By Dusty Ray
Matt Smiley might be best known for his work with Fort Collins’ own Subterranean Jazz Trio, but his own improvisational and compositional ability
is shown in full force with his latest cut, Quartet Art. Smiley is at one with his upright bass, driving the songs on with precision and depth. At times the album sings with the technical complexity of Chris Potter, at others it screams with the abrasive cacophony of The Mothers of Invention.
“Stars Fill the Sky” reveals the more toned down side of the album – a saxophone-driven piece (Smiley’s mentor David Pope plays tenor) that allows for the rest of the quartet to sit in the “pocket” and steer the track through seemingly heroin-induced relaxation. It is definitely one of the more “traditional” songs on the album, and has a certain solidity in its presentation.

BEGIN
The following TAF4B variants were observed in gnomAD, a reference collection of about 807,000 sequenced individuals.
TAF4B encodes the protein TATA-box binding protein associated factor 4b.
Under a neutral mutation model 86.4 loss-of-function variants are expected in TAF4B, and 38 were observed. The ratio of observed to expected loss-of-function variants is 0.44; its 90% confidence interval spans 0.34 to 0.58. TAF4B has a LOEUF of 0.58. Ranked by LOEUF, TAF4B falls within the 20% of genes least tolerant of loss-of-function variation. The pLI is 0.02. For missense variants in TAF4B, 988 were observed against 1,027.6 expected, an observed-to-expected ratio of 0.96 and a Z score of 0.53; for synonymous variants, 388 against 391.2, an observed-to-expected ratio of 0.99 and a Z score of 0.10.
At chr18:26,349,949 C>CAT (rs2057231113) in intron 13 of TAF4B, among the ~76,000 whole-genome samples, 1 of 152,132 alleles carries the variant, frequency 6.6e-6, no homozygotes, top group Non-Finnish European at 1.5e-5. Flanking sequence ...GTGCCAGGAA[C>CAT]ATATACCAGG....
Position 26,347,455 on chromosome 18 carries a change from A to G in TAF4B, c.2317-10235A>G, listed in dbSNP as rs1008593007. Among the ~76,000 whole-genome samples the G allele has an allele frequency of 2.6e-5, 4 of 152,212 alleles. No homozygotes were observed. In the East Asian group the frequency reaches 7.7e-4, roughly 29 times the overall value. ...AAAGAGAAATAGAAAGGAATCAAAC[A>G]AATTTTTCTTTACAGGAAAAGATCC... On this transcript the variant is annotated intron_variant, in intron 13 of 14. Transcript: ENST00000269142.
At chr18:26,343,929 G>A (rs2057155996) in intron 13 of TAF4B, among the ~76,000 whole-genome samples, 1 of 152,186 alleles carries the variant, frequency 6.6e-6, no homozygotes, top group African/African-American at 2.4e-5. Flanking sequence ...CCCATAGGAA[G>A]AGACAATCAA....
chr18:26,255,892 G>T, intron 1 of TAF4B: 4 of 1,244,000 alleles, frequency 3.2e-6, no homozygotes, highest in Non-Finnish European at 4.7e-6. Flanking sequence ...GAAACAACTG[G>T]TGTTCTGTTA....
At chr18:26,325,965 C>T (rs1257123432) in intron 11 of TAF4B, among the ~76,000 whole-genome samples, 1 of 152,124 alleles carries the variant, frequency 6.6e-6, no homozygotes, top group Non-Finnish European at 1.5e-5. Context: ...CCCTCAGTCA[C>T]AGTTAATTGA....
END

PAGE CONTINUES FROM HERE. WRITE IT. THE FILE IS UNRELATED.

The weird side of Smiley can be heard on the more uncompromising tracks like “Fehu,” “Othala,” and “Ingwaz.” These songs are harsh, unabashed experimental improvisations that are reminiscent of The Mothers of Invention album Uncle Meat at its strangest points. Smiley holds nothing back, and ravages your eardrums without remorse.
The album closes strong with an interesting rendition of Charlie Hayden’s “Song for Che.” Here the listener finds out just where some of Smiley’s influences come from, and he pays tribute to Hayden wonderfully.
Overall, Quartet Art is an interesting and daring cut that is more geared to jazz aficionados, or people who will “get it,” but there are a few hidden gems for the casual listener as well.